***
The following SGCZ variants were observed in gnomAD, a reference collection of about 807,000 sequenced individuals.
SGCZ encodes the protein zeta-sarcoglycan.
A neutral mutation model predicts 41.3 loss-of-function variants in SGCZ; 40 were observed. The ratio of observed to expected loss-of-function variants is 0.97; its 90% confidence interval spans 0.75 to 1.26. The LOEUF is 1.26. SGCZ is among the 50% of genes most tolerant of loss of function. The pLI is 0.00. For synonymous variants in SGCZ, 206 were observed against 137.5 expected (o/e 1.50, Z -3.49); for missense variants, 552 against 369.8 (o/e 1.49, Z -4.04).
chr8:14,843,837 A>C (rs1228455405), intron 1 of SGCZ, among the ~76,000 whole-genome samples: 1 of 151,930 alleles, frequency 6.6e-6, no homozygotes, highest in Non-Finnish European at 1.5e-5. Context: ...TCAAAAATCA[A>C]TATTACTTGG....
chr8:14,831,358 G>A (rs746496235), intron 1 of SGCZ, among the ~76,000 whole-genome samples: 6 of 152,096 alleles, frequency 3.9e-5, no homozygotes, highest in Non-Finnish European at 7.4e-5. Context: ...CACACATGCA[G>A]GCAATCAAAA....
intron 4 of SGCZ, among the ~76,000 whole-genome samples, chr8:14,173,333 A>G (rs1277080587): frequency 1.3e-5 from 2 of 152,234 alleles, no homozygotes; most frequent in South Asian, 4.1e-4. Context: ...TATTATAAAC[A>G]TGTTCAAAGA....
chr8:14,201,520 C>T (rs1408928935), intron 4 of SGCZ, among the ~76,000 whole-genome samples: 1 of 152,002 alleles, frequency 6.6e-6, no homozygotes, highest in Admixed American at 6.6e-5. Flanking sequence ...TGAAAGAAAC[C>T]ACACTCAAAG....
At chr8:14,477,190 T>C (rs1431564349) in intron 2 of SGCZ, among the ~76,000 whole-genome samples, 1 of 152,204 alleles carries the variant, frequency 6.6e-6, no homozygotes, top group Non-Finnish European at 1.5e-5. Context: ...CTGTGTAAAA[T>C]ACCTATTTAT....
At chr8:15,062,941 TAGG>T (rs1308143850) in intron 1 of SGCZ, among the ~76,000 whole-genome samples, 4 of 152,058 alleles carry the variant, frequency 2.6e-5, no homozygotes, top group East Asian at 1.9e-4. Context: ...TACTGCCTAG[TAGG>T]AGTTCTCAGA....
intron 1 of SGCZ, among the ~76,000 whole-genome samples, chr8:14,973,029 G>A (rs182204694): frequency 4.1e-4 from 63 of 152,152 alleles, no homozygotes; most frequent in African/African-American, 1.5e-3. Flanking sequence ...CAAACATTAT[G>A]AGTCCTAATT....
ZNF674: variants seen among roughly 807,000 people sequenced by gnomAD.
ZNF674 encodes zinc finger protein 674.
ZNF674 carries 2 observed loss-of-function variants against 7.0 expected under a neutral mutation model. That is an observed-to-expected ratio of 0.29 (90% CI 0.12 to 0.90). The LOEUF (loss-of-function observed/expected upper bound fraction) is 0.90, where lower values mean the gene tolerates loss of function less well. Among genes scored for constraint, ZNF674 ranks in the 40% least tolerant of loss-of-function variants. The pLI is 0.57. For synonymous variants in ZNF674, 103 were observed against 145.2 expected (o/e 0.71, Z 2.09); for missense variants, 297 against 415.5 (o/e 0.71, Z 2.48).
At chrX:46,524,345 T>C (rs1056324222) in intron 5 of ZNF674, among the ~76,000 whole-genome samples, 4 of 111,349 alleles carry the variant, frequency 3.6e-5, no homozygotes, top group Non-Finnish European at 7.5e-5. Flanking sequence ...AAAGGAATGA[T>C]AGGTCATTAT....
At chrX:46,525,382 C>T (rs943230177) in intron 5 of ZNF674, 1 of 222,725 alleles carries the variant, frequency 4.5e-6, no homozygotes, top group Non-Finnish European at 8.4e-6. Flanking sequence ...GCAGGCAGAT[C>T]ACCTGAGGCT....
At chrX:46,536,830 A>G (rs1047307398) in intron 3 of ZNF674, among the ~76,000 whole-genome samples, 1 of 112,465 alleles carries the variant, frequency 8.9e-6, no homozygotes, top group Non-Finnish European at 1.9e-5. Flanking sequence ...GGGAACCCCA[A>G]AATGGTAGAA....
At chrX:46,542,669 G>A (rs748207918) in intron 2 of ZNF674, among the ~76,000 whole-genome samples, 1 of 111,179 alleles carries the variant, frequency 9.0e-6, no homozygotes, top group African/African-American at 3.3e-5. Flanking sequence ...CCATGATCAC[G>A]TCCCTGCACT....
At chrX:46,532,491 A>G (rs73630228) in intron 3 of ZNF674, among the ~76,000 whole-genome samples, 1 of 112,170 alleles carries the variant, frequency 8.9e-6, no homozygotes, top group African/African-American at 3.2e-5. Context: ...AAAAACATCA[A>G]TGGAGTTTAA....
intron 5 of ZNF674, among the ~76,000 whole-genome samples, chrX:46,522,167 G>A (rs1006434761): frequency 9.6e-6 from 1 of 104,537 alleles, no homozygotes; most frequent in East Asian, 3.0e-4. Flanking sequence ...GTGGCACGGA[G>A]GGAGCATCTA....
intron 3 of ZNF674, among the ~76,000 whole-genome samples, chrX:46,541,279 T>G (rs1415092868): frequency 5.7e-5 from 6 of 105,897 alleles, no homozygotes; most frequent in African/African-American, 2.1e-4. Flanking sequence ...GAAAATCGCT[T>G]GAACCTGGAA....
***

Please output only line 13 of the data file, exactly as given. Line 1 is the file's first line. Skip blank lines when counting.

ZNF674 carries 2 observed loss-of-function variants against 7.0 expected under a neutral mutation model. That is an observed-to-expected ratio of 0.29 (90% CI 0.12 to 0.90). The LOEUF (loss-of-function observed/expected upper bound fraction) is 0.90, where lower values mean the gene tolerates loss of function less well. Among genes scored for constraint, ZNF674 ranks in the 40% least tolerant of loss-of-function variants. The pLI is 0.57. For synonymous variants in ZNF674, 103 were observed against 145.2 expected (o/e 0.71, Z 2.09); for missense variants, 297 against 415.5 (o/e 0.71, Z 2.48).